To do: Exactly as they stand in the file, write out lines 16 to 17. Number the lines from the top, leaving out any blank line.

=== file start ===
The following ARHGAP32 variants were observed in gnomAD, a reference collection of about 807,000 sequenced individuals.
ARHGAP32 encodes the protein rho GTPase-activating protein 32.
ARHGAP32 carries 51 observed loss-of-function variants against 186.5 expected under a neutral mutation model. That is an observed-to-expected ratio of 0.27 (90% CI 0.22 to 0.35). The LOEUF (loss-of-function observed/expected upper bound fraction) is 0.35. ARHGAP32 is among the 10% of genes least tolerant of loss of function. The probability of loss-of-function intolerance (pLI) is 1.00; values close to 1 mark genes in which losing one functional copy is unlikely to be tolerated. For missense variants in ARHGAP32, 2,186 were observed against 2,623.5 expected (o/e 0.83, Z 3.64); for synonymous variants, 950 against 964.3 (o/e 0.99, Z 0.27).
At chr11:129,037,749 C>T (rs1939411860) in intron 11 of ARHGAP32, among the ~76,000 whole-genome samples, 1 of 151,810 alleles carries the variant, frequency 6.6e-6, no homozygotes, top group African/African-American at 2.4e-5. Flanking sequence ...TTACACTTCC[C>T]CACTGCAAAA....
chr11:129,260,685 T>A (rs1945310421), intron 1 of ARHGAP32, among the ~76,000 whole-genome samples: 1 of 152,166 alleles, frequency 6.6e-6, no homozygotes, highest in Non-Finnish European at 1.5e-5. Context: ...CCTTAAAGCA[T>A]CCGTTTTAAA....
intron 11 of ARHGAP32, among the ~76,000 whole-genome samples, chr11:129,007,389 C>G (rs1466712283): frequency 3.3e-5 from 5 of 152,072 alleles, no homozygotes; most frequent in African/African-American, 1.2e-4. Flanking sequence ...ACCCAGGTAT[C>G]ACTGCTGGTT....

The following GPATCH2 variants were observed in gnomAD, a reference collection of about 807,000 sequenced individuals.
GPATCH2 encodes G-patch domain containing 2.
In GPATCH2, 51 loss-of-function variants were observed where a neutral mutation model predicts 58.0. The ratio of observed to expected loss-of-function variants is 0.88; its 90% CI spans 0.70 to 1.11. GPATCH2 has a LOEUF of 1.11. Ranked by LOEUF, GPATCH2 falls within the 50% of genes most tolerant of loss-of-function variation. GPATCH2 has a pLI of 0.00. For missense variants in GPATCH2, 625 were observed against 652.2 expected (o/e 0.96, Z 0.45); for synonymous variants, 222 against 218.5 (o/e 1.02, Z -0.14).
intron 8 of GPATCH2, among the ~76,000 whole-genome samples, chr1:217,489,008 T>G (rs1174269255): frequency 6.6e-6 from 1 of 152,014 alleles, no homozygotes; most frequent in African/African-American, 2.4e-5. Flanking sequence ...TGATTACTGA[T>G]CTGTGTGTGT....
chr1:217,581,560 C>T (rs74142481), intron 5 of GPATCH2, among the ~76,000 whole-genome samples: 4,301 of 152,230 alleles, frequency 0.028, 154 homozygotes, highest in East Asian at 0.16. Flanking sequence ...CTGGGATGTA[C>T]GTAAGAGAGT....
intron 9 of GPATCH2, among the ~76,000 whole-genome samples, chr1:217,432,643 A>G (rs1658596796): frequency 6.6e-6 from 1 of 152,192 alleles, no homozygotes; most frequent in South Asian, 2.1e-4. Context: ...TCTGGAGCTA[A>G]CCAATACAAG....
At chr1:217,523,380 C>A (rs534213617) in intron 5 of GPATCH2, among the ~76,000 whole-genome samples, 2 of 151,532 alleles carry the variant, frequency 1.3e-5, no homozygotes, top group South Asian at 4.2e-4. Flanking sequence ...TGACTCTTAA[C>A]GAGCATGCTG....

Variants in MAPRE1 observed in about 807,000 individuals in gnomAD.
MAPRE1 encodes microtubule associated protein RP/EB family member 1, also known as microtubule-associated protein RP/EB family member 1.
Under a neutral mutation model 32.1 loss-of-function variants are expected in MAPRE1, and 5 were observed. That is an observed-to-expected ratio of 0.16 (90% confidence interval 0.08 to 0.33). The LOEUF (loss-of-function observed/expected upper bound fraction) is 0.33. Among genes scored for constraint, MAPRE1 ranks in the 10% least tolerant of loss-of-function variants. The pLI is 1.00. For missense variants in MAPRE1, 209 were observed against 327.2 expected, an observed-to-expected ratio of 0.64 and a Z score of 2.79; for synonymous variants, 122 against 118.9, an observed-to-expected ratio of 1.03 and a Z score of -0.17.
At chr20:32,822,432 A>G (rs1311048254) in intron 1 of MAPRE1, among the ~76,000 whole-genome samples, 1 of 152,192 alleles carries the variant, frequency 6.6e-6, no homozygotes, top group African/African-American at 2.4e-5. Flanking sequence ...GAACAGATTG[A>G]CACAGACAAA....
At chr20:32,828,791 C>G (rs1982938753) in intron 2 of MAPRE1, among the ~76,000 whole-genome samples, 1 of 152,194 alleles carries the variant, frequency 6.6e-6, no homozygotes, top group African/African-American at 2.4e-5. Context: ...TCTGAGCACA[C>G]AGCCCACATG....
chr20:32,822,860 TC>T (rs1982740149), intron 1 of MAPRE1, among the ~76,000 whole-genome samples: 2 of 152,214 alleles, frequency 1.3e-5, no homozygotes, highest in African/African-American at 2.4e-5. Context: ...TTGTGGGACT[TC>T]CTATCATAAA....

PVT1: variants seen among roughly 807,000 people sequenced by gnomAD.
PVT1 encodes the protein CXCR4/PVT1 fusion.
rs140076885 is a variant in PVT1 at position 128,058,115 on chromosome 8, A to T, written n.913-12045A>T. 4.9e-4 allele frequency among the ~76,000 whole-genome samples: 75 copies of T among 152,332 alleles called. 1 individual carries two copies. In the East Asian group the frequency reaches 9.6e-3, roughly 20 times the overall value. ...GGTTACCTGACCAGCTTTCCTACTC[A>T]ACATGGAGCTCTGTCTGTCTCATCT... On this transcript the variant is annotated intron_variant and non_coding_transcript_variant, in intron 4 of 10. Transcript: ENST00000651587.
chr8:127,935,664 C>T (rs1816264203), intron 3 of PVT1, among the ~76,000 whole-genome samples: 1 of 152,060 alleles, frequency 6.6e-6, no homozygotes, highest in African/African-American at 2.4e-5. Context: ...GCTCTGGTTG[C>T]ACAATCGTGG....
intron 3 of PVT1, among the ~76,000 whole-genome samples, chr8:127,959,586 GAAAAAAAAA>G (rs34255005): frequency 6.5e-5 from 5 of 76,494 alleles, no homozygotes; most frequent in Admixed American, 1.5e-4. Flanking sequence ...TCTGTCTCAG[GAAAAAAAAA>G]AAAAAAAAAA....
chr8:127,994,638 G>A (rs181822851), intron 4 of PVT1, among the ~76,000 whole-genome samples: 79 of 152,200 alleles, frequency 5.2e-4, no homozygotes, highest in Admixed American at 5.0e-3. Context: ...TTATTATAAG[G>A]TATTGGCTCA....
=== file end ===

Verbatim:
Under a neutral mutation model 32.1 loss-of-function variants are expected in MAPRE1, and 5 were observed. That is an observed-to-expected ratio of 0.16 (90% confidence interval 0.08 to 0.33). The LOEUF (loss-of-function observed/expected upper bound fraction) is 0.33. Among genes scored for constraint, MAPRE1 ranks in the 10% least tolerant of loss-of-function variants. The pLI is 1.00. For missense variants in MAPRE1, 209 were observed against 327.2 expected, an observed-to-expected ratio of 0.64 and a Z score of 2.79; for synonymous variants, 122 against 118.9, an observed-to-expected ratio of 1.03 and a Z score of -0.17.
At chr20:32,822,432 A>G (rs1311048254) in intron 1 of MAPRE1, among the ~76,000 whole-genome samples, 1 of 152,192 alleles carries the variant, frequency 6.6e-6, no homozygotes, top group African/African-American at 2.4e-5. Flanking sequence ...GAACAGATTG[A>G]CACAGACAAA....